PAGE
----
Clinical psychologist Carla Manly agrees that depression can decrease voter turnout, but she’s careful to note that this is an understudied topic and that past research has mostly focused on how people with chronic depression tend to be less motivated to engage in political activity in general. “This makes sense given that those who suffer from major depression often struggle to attend to daily life activities like getting out of bed, going to work and showering,” she explains, adding that “non-essential activities, such as voting, are often overwhelming for those who suffer from ongoing depression.” 

Turbiville warns that external stressors on top of that — unemployment, grief and fear during a global pandemic — increases “the long-term physiological cost of maintaining a typical level of performance with inadequate resources.” “The nature of the stressor doesn’t matter,” he continues. “Over time compensating for living in an unstable world saps our resilience. And when our resilience gives out, depression is the next best coping mechanism.”

All of this, of course, raises an obvious contradiction: If we’re more depressed and anxious than ever before, why has voter turnout gone up? 

Although many of my clients are struggling with depression that’s been worsened by the pandemic and political environment, most of them have had an uptick in energy due to their interest in affecting some sort of change — if only by casting their vote on Election Day,” Manly tells me. “This is an interesting turn of events, yet it does make sense that having deeply compelling reasons to vote can be sufficiently motivating for someone suffering from depression.”

It’s also worth pointing out that the pandemic has made voting more accessible with early and mail-in options for those with depression. “Depression reduces participation in political acts that are the most physically demanding,” says Christopher Ojeda, an assistant professor of political science at the University of Tennessee. 

Ojeda is one of the few academics who has studied what he calls the “political cycle of depression,” where those suffering psychologically are less likely to vote and participate in politics, and therefore, the candidates elected are less likely to advocate for better mental health care, which makes everyone more depressed and less likely to vote. However, with the expansion of voting options around the country, he’s “hopeful that even those with severe symptoms of depression can participate because they no longer have to exert the energy to leave their home and go to the polls.”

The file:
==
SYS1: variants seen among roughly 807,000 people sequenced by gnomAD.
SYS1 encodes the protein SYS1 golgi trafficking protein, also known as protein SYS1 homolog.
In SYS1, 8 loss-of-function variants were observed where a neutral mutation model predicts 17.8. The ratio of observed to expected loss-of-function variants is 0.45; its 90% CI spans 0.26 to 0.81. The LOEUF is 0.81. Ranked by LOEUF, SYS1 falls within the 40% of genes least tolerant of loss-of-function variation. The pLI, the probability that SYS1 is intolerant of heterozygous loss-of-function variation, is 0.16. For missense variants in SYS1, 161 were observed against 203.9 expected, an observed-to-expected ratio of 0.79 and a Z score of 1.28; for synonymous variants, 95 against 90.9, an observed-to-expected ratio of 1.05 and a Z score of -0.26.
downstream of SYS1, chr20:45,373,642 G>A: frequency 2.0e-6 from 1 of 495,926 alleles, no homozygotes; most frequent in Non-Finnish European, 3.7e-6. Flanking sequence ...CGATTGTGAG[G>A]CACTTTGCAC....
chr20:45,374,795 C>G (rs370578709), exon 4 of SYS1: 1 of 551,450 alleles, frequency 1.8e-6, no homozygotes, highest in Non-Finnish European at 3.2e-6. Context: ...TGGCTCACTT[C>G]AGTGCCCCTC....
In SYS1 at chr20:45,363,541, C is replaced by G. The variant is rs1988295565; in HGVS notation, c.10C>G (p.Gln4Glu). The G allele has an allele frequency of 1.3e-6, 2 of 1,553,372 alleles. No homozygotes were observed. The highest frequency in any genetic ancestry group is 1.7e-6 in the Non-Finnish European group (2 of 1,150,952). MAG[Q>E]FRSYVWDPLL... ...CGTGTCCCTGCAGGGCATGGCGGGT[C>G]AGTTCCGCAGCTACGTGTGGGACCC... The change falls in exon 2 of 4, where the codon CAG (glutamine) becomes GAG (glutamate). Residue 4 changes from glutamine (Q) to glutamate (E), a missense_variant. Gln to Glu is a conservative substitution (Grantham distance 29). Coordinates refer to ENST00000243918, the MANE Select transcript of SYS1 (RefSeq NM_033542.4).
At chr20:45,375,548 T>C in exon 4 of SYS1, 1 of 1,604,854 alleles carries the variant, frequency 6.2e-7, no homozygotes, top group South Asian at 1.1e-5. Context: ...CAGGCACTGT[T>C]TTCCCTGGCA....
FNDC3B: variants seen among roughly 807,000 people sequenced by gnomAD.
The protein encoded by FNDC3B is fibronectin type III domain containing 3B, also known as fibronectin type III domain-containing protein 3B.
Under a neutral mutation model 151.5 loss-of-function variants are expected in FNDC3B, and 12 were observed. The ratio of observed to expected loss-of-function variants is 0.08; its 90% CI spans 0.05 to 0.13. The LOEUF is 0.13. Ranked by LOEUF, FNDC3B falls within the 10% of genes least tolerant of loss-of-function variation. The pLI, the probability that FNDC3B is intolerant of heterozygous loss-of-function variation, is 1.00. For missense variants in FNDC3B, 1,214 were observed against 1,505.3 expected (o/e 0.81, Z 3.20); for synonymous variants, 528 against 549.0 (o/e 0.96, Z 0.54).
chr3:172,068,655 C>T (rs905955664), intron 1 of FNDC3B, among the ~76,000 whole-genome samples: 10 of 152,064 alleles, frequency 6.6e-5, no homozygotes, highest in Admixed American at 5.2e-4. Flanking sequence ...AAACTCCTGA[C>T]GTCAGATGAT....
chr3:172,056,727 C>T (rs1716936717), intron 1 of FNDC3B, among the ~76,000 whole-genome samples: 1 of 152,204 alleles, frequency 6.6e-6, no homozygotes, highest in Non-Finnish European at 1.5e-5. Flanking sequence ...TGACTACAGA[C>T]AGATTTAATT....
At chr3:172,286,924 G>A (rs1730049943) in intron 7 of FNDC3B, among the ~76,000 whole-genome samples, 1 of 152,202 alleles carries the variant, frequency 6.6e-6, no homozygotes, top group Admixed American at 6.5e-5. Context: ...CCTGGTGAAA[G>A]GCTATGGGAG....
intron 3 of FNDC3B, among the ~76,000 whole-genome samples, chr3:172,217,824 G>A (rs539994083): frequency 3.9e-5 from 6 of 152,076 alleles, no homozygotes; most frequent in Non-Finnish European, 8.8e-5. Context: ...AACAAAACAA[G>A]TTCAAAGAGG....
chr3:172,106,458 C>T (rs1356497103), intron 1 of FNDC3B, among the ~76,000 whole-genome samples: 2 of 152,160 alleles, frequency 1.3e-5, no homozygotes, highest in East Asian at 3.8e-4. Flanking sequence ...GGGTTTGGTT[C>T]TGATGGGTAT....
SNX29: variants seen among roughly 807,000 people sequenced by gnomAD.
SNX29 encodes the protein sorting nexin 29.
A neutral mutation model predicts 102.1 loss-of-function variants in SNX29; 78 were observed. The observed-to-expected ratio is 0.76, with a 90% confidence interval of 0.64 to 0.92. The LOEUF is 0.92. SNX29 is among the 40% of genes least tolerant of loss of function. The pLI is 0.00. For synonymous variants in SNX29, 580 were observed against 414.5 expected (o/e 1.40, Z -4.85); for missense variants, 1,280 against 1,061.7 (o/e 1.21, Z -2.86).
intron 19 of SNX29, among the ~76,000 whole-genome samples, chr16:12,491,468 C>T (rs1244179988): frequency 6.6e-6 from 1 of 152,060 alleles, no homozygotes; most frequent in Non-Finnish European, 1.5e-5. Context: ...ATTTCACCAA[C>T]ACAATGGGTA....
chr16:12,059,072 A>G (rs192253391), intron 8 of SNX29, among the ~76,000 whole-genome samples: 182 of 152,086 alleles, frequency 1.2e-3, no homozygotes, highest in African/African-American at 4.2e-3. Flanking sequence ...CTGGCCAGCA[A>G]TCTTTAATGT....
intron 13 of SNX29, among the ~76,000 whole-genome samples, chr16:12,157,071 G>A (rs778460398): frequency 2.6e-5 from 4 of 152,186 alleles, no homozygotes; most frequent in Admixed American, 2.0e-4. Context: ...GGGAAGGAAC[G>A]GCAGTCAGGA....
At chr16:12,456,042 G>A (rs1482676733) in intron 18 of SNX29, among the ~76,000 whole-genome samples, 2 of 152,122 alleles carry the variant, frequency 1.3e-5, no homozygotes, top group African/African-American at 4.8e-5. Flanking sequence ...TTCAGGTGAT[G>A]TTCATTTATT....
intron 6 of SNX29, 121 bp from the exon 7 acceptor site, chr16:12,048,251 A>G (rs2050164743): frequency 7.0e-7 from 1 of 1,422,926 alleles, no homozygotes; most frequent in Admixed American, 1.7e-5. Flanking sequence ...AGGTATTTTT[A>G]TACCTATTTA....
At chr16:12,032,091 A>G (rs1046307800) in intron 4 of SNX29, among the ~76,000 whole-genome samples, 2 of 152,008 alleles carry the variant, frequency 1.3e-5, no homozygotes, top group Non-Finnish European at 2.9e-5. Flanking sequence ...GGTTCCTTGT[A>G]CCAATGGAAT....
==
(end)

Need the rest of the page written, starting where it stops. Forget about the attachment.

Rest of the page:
That said, he’s sure to add, “Given how depression reduces interest in politics and confidence in the ability to participate, it seems likely that the mobilization of new voters or occasional voters probably doesn’t include citizens with moderate or severe symptoms of depression.”

As for me, gradual, incremental improvements to my mental health — namely, going to therapy — helped restore my interest in voting. I still, though, feel great shame in having sat out the 2016 election (even though my vote in New York wouldn’t have changed the outcome). “I don’t think you should feel shame, but I understand how it would be hard to feel anything else given the situation,” Turbiville reassures me. 

Likewise, I suspect there are plenty of people who were too depressed to vote this year and who will have to shoulder that same feeling — especially given how close the race is. But take it from me, that’s only because the system is much sicker than they are.